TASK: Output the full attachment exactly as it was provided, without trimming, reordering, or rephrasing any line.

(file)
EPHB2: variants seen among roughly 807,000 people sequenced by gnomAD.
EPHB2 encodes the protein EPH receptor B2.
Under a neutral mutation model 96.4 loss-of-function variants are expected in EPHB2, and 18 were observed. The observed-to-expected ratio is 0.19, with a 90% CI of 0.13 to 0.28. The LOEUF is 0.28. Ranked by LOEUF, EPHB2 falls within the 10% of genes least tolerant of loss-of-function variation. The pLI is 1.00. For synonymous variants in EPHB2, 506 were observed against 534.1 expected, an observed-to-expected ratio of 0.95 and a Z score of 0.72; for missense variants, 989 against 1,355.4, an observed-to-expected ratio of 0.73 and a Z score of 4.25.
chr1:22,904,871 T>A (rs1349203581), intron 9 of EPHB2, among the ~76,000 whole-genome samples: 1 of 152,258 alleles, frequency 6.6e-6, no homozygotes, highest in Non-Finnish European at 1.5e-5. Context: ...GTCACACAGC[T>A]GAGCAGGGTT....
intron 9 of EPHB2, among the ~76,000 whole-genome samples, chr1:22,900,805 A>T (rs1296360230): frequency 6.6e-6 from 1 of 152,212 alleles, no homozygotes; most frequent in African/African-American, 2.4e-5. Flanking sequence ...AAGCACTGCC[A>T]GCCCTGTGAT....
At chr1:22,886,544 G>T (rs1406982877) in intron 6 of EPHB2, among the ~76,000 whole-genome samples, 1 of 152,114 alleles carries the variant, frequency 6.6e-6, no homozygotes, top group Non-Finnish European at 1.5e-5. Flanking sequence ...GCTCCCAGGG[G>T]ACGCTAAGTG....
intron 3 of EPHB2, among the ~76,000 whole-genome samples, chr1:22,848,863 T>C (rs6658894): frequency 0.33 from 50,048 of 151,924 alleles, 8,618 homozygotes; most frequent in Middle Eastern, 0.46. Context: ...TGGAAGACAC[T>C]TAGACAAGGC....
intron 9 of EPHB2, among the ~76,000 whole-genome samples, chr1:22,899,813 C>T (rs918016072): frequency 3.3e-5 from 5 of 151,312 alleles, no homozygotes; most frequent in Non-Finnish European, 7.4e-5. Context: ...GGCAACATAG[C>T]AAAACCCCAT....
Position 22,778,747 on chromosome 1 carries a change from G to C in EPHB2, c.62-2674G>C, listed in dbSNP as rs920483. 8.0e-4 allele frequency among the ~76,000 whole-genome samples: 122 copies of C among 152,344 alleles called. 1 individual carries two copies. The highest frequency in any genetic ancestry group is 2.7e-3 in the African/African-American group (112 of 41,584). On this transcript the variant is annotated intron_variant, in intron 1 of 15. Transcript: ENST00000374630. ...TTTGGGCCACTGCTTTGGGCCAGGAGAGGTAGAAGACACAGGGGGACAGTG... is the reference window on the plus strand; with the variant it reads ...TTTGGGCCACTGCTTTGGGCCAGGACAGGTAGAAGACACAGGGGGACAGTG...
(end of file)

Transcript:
EPHB2: variants seen among roughly 807,000 people sequenced by gnomAD.
EPHB2 encodes the protein EPH receptor B2.
Under a neutral mutation model 96.4 loss-of-function variants are expected in EPHB2, and 18 were observed. The observed-to-expected ratio is 0.19, with a 90% CI of 0.13 to 0.28. The LOEUF is 0.28. Ranked by LOEUF, EPHB2 falls within the 10% of genes least tolerant of loss-of-function variation. The pLI is 1.00. For synonymous variants in EPHB2, 506 were observed against 534.1 expected, an observed-to-expected ratio of 0.95 and a Z score of 0.72; for missense variants, 989 against 1,355.4, an observed-to-expected ratio of 0.73 and a Z score of 4.25.
chr1:22,904,871 T>A (rs1349203581), intron 9 of EPHB2, among the ~76,000 whole-genome samples: 1 of 152,258 alleles, frequency 6.6e-6, no homozygotes, highest in Non-Finnish European at 1.5e-5. Context: ...GTCACACAGC[T>A]GAGCAGGGTT....
intron 9 of EPHB2, among the ~76,000 whole-genome samples, chr1:22,900,805 A>T (rs1296360230): frequency 6.6e-6 from 1 of 152,212 alleles, no homozygotes; most frequent in African/African-American, 2.4e-5. Flanking sequence ...AAGCACTGCC[A>T]GCCCTGTGAT....
At chr1:22,886,544 G>T (rs1406982877) in intron 6 of EPHB2, among the ~76,000 whole-genome samples, 1 of 152,114 alleles carries the variant, frequency 6.6e-6, no homozygotes, top group Non-Finnish European at 1.5e-5. Flanking sequence ...GCTCCCAGGG[G>T]ACGCTAAGTG....
intron 3 of EPHB2, among the ~76,000 whole-genome samples, chr1:22,848,863 T>C (rs6658894): frequency 0.33 from 50,048 of 151,924 alleles, 8,618 homozygotes; most frequent in Middle Eastern, 0.46. Context: ...TGGAAGACAC[T>C]TAGACAAGGC....
intron 9 of EPHB2, among the ~76,000 whole-genome samples, chr1:22,899,813 C>T (rs918016072): frequency 3.3e-5 from 5 of 151,312 alleles, no homozygotes; most frequent in Non-Finnish European, 7.4e-5. Context: ...GGCAACATAG[C>T]AAAACCCCAT....
Position 22,778,747 on chromosome 1 carries a change from G to C in EPHB2, c.62-2674G>C, listed in dbSNP as rs920483. 8.0e-4 allele frequency among the ~76,000 whole-genome samples: 122 copies of C among 152,344 alleles called. 1 individual carries two copies. The highest frequency in any genetic ancestry group is 2.7e-3 in the African/African-American group (112 of 41,584). On this transcript the variant is annotated intron_variant, in intron 1 of 15. Transcript: ENST00000374630. ...TTTGGGCCACTGCTTTGGGCCAGGAGAGGTAGAAGACACAGGGGGACAGTG... is the reference window on the plus strand; with the variant it reads ...TTTGGGCCACTGCTTTGGGCCAGGACAGGTAGAAGACACAGGGGGACAGTG...